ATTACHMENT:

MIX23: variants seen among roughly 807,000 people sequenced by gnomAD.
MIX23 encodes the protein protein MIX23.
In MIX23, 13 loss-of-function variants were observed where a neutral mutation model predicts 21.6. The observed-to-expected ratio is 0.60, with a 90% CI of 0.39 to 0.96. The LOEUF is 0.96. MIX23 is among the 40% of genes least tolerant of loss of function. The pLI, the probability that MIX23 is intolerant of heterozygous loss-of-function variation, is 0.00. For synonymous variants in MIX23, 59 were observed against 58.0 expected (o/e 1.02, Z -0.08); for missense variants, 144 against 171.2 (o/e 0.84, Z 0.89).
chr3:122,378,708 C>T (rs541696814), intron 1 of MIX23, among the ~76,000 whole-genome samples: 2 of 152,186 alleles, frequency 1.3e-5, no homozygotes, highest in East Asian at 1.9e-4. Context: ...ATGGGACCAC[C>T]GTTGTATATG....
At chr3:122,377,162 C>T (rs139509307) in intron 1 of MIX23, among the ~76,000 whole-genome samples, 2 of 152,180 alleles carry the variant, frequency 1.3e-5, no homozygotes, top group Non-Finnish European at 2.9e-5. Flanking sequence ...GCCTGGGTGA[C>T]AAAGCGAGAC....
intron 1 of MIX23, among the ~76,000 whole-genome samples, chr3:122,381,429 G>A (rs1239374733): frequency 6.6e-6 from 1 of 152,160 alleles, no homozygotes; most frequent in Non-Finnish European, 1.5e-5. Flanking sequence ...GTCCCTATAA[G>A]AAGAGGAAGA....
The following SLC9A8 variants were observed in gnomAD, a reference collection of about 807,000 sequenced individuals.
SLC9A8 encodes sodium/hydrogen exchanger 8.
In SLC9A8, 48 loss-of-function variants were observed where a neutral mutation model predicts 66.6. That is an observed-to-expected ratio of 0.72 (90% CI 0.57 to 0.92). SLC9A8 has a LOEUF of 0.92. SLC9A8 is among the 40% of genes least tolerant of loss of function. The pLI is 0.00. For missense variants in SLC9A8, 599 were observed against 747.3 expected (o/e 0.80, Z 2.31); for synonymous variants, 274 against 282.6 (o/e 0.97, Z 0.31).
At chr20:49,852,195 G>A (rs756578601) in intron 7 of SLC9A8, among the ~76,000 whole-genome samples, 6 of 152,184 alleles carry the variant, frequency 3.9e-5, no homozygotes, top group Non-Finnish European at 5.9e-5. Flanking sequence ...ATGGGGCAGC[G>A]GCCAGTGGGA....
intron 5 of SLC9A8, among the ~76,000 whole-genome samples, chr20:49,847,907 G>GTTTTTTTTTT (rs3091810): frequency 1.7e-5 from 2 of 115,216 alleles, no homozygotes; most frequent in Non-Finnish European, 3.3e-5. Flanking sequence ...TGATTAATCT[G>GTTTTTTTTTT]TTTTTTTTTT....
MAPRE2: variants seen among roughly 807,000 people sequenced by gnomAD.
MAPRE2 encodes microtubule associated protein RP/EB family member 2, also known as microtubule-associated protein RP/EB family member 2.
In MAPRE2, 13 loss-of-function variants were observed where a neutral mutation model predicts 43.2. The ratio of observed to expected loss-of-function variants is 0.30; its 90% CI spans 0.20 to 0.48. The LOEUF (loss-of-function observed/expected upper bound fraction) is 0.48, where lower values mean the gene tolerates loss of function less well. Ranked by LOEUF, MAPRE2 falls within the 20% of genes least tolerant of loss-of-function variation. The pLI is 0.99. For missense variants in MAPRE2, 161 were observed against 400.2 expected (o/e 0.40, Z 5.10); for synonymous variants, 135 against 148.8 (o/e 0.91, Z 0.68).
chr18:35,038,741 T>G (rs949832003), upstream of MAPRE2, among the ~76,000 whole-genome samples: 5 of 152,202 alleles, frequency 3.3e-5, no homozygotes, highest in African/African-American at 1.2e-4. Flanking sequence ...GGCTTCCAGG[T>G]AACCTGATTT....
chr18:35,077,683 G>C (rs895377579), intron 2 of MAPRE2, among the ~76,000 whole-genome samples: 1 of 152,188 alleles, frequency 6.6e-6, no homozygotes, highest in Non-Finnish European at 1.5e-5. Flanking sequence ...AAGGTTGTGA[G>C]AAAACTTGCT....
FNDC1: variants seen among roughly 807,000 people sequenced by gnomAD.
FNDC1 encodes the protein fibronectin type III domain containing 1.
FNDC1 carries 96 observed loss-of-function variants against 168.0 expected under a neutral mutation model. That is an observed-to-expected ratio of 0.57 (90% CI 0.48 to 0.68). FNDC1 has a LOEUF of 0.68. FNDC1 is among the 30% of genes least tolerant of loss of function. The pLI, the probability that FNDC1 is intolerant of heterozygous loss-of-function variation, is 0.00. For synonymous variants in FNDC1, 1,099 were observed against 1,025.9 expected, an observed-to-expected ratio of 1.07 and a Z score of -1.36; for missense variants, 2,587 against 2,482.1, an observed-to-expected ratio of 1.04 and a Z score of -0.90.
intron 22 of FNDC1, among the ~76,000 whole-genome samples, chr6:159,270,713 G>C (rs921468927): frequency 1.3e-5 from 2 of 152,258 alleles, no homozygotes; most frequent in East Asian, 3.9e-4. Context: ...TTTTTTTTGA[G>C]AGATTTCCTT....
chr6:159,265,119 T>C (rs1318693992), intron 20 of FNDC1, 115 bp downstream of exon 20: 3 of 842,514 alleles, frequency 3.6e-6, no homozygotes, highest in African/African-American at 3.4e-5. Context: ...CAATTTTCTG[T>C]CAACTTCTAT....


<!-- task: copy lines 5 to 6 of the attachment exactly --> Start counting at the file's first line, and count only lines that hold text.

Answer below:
At chr3:122,377,162 C>T (rs139509307) in intron 1 of MIX23, among the ~76,000 whole-genome samples, 2 of 152,180 alleles carry the variant, frequency 1.3e-5, no homozygotes, top group Non-Finnish European at 2.9e-5. Flanking sequence ...GCCTGGGTGA[C>T]AAAGCGAGAC....
intron 1 of MIX23, among the ~76,000 whole-genome samples, chr3:122,381,429 G>A (rs1239374733): frequency 6.6e-6 from 1 of 152,160 alleles, no homozygotes; most frequent in Non-Finnish European, 1.5e-5. Flanking sequence ...GTCCCTATAA[G>A]AAGAGGAAGA....